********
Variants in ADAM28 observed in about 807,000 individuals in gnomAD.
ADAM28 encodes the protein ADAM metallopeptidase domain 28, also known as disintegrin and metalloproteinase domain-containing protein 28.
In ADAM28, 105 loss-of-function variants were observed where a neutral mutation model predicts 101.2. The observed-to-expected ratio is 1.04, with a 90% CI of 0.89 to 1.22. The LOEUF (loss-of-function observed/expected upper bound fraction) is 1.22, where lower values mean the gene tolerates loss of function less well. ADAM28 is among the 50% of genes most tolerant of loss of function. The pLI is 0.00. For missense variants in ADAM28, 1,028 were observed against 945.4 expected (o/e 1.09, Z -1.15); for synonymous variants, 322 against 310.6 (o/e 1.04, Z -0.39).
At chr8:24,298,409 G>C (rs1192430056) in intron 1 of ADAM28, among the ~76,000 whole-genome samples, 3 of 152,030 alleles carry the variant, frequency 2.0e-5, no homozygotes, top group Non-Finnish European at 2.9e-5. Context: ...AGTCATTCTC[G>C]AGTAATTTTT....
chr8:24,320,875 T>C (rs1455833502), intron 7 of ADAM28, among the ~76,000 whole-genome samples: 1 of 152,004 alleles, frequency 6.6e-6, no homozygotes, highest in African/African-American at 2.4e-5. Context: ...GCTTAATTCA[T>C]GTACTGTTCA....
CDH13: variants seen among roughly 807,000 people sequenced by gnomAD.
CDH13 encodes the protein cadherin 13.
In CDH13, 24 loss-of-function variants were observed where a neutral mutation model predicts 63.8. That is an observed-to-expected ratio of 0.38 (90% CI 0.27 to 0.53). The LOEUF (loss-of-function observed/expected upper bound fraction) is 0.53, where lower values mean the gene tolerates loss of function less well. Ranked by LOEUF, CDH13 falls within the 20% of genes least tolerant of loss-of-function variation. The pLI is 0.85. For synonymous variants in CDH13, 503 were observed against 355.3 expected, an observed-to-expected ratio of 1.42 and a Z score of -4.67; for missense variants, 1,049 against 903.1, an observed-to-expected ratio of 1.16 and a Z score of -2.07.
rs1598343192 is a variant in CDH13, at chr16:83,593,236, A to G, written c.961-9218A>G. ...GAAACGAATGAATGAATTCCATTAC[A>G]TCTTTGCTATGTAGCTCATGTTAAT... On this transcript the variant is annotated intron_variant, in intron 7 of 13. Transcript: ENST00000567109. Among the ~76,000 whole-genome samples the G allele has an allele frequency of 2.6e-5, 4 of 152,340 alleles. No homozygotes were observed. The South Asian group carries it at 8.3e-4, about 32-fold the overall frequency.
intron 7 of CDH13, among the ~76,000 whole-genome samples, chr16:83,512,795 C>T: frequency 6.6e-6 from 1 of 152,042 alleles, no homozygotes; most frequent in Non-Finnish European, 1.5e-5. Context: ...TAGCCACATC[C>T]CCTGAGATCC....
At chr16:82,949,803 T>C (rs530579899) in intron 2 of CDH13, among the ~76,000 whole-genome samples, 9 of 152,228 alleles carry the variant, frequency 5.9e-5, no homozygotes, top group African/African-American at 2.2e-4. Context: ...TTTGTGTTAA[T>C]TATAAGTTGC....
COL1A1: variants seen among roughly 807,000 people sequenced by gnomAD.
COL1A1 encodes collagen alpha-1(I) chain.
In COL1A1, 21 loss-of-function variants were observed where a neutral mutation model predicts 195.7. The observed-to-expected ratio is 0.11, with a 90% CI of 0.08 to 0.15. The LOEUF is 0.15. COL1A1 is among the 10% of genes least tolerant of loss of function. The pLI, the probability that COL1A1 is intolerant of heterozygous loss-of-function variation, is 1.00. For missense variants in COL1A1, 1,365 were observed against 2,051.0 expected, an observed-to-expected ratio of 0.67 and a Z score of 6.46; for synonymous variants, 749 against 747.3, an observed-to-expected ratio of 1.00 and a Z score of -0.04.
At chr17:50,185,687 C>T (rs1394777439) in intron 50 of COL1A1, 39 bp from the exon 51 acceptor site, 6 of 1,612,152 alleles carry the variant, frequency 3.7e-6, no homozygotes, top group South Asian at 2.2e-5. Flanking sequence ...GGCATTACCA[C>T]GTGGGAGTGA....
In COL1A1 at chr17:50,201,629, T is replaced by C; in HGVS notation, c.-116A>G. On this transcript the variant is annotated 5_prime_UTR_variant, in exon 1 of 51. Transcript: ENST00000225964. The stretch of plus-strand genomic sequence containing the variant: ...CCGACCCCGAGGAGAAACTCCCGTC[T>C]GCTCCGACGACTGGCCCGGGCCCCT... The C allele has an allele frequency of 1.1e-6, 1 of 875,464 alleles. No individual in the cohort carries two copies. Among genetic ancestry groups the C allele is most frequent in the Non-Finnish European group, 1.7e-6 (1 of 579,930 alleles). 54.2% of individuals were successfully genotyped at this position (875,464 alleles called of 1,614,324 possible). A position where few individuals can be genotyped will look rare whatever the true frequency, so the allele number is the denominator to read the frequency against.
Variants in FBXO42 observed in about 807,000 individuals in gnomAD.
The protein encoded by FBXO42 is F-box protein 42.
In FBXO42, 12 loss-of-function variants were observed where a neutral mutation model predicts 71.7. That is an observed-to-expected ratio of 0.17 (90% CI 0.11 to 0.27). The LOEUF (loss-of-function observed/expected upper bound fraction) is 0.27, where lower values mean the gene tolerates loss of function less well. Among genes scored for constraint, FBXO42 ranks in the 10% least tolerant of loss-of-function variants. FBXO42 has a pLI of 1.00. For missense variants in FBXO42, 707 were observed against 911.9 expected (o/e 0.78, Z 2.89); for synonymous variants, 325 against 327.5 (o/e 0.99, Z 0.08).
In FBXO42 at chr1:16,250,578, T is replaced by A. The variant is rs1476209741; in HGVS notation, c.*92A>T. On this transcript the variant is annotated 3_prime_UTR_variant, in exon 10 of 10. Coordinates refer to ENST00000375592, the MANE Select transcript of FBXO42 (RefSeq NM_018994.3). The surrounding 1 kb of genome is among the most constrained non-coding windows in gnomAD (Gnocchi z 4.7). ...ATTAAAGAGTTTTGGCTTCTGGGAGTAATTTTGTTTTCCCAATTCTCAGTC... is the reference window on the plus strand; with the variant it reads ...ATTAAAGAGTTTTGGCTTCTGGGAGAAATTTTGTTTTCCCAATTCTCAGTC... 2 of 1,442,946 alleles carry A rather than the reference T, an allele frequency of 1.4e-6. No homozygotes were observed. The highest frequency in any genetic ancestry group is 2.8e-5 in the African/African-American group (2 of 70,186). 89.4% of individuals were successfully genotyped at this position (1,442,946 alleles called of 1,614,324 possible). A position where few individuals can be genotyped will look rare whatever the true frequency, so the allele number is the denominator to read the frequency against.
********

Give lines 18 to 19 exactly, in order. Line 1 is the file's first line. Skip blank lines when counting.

The protein encoded by FBXO42 is F-box protein 42.
In FBXO42, 12 loss-of-function variants were observed where a neutral mutation model predicts 71.7. That is an observed-to-expected ratio of 0.17 (90% CI 0.11 to 0.27). The LOEUF (loss-of-function observed/expected upper bound fraction) is 0.27, where lower values mean the gene tolerates loss of function less well. Among genes scored for constraint, FBXO42 ranks in the 10% least tolerant of loss-of-function variants. FBXO42 has a pLI of 1.00. For missense variants in FBXO42, 707 were observed against 911.9 expected (o/e 0.78, Z 2.89); for synonymous variants, 325 against 327.5 (o/e 0.99, Z 0.08).